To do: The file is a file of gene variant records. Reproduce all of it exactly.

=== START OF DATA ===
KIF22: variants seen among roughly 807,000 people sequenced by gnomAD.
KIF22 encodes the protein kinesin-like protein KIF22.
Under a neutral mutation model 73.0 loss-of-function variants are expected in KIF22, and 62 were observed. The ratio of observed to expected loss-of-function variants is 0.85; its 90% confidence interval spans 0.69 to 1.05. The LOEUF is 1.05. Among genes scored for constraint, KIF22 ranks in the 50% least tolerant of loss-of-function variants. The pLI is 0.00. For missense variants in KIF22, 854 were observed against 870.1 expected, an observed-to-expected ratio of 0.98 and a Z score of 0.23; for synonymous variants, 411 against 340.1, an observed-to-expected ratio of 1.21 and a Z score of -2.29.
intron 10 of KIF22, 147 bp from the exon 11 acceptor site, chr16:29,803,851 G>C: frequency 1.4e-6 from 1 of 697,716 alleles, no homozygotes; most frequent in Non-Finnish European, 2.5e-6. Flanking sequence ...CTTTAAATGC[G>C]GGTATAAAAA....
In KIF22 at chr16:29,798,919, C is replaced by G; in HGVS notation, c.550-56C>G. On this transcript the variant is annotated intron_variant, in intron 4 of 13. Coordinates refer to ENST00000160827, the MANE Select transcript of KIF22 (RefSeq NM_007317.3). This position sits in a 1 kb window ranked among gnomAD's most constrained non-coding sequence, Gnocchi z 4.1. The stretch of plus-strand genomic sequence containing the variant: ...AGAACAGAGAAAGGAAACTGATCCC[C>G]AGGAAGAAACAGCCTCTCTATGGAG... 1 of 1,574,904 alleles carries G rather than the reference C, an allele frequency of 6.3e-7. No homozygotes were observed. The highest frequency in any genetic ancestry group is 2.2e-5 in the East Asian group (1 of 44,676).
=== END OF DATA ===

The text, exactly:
KIF22: variants seen among roughly 807,000 people sequenced by gnomAD.
KIF22 encodes the protein kinesin-like protein KIF22.
Under a neutral mutation model 73.0 loss-of-function variants are expected in KIF22, and 62 were observed. The ratio of observed to expected loss-of-function variants is 0.85; its 90% confidence interval spans 0.69 to 1.05. The LOEUF is 1.05. Among genes scored for constraint, KIF22 ranks in the 50% least tolerant of loss-of-function variants. The pLI is 0.00. For missense variants in KIF22, 854 were observed against 870.1 expected, an observed-to-expected ratio of 0.98 and a Z score of 0.23; for synonymous variants, 411 against 340.1, an observed-to-expected ratio of 1.21 and a Z score of -2.29.
intron 10 of KIF22, 147 bp from the exon 11 acceptor site, chr16:29,803,851 G>C: frequency 1.4e-6 from 1 of 697,716 alleles, no homozygotes; most frequent in Non-Finnish European, 2.5e-6. Flanking sequence ...CTTTAAATGC[G>C]GGTATAAAAA....
In KIF22 at chr16:29,798,919, C is replaced by G; in HGVS notation, c.550-56C>G. On this transcript the variant is annotated intron_variant, in intron 4 of 13. Coordinates refer to ENST00000160827, the MANE Select transcript of KIF22 (RefSeq NM_007317.3). This position sits in a 1 kb window ranked among gnomAD's most constrained non-coding sequence, Gnocchi z 4.1. The stretch of plus-strand genomic sequence containing the variant: ...AGAACAGAGAAAGGAAACTGATCCC[C>G]AGGAAGAAACAGCCTCTCTATGGAG... 1 of 1,574,904 alleles carries G rather than the reference C, an allele frequency of 6.3e-7. No homozygotes were observed. The highest frequency in any genetic ancestry group is 2.2e-5 in the East Asian group (1 of 44,676).